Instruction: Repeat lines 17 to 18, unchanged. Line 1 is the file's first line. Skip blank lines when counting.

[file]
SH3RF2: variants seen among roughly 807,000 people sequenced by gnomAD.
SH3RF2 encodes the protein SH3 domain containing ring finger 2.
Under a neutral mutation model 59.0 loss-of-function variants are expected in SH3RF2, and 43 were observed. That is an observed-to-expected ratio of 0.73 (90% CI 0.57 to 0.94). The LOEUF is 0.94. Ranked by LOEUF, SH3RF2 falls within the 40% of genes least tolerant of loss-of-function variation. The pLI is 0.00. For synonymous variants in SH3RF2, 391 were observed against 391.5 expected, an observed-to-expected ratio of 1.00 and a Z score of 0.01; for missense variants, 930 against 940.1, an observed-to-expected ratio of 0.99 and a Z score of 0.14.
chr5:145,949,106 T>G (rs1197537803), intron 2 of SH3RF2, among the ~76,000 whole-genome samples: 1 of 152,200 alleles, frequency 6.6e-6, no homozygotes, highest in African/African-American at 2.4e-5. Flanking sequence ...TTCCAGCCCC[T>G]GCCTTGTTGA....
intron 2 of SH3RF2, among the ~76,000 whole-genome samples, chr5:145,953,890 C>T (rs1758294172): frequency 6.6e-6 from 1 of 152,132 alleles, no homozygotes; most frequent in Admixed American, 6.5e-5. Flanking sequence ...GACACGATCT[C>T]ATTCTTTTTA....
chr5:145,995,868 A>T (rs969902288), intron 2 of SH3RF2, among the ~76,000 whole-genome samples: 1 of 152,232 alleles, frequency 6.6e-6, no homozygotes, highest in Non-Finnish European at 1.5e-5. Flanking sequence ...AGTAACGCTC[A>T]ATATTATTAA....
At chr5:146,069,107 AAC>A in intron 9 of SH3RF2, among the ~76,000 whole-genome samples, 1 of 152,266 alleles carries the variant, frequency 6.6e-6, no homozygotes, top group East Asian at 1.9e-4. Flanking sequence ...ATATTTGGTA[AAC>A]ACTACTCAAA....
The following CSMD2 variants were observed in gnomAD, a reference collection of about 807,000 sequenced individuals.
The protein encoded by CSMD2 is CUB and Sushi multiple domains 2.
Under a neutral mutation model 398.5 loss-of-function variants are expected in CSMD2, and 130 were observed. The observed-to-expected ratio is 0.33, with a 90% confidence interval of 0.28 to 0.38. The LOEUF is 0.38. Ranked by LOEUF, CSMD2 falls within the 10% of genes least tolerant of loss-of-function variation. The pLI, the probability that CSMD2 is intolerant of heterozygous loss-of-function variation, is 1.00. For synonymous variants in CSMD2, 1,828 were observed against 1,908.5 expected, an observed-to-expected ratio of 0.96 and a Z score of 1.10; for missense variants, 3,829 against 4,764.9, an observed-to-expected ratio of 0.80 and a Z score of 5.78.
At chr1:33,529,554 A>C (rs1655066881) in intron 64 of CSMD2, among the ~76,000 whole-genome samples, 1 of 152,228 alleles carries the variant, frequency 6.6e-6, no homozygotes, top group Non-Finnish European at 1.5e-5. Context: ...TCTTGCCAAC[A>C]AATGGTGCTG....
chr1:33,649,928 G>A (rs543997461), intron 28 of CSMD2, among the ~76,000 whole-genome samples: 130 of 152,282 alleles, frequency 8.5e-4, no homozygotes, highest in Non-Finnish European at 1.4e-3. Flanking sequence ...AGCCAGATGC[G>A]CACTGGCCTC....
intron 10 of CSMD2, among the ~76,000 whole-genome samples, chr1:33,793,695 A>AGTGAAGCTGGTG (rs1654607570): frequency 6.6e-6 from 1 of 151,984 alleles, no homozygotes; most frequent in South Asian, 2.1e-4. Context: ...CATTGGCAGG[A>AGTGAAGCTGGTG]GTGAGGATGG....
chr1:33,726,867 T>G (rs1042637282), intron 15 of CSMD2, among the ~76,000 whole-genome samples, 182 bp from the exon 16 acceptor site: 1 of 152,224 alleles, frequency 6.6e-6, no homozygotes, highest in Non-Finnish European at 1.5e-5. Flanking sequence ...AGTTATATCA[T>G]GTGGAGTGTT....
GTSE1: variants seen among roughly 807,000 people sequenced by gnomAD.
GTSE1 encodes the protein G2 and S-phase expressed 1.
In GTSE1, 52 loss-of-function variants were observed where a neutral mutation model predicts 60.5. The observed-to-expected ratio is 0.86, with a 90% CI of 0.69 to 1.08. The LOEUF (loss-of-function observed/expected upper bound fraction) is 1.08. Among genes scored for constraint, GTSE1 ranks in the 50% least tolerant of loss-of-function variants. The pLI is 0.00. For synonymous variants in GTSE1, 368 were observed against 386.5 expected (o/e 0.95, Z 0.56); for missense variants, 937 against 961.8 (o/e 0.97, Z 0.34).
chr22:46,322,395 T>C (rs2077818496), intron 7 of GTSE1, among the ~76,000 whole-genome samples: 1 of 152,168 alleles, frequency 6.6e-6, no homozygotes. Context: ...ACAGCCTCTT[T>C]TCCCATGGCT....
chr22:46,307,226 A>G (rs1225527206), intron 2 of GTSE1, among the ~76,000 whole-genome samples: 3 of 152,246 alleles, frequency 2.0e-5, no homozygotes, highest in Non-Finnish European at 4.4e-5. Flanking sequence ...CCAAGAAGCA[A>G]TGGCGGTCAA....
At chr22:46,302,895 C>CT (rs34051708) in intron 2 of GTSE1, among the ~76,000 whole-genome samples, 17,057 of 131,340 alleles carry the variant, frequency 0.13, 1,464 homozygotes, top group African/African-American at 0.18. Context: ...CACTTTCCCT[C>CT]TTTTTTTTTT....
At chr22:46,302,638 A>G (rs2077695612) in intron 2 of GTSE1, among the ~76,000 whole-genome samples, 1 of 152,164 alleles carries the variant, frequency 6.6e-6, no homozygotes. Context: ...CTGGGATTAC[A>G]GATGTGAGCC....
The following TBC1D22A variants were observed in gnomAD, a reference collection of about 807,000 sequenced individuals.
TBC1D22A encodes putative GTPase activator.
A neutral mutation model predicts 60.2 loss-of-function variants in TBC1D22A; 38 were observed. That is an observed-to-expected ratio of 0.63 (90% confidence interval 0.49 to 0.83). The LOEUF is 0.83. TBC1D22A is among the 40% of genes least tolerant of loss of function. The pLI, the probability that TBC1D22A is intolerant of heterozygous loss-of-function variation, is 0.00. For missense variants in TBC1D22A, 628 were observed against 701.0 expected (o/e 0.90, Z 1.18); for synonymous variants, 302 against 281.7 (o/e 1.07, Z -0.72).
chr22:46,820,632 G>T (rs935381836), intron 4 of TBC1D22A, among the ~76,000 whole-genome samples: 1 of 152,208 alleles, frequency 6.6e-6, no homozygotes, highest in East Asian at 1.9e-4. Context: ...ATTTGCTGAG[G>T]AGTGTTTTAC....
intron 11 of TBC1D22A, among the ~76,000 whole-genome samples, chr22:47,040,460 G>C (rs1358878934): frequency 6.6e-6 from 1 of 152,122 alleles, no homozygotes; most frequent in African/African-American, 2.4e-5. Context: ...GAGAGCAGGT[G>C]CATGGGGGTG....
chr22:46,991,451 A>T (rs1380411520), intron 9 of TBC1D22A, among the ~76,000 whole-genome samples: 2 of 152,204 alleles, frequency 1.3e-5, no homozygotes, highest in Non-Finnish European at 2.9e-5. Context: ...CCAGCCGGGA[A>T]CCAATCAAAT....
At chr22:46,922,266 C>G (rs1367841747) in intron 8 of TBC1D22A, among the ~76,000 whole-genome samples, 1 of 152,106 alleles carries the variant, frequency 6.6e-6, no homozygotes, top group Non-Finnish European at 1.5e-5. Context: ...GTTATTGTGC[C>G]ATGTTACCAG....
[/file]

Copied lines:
In GTSE1, 52 loss-of-function variants were observed where a neutral mutation model predicts 60.5. The observed-to-expected ratio is 0.86, with a 90% CI of 0.69 to 1.08. The LOEUF (loss-of-function observed/expected upper bound fraction) is 1.08. Among genes scored for constraint, GTSE1 ranks in the 50% least tolerant of loss-of-function variants. The pLI is 0.00. For synonymous variants in GTSE1, 368 were observed against 386.5 expected (o/e 0.95, Z 0.56); for missense variants, 937 against 961.8 (o/e 0.97, Z 0.34).
chr22:46,322,395 T>C (rs2077818496), intron 7 of GTSE1, among the ~76,000 whole-genome samples: 1 of 152,168 alleles, frequency 6.6e-6, no homozygotes. Context: ...ACAGCCTCTT[T>C]TCCCATGGCT....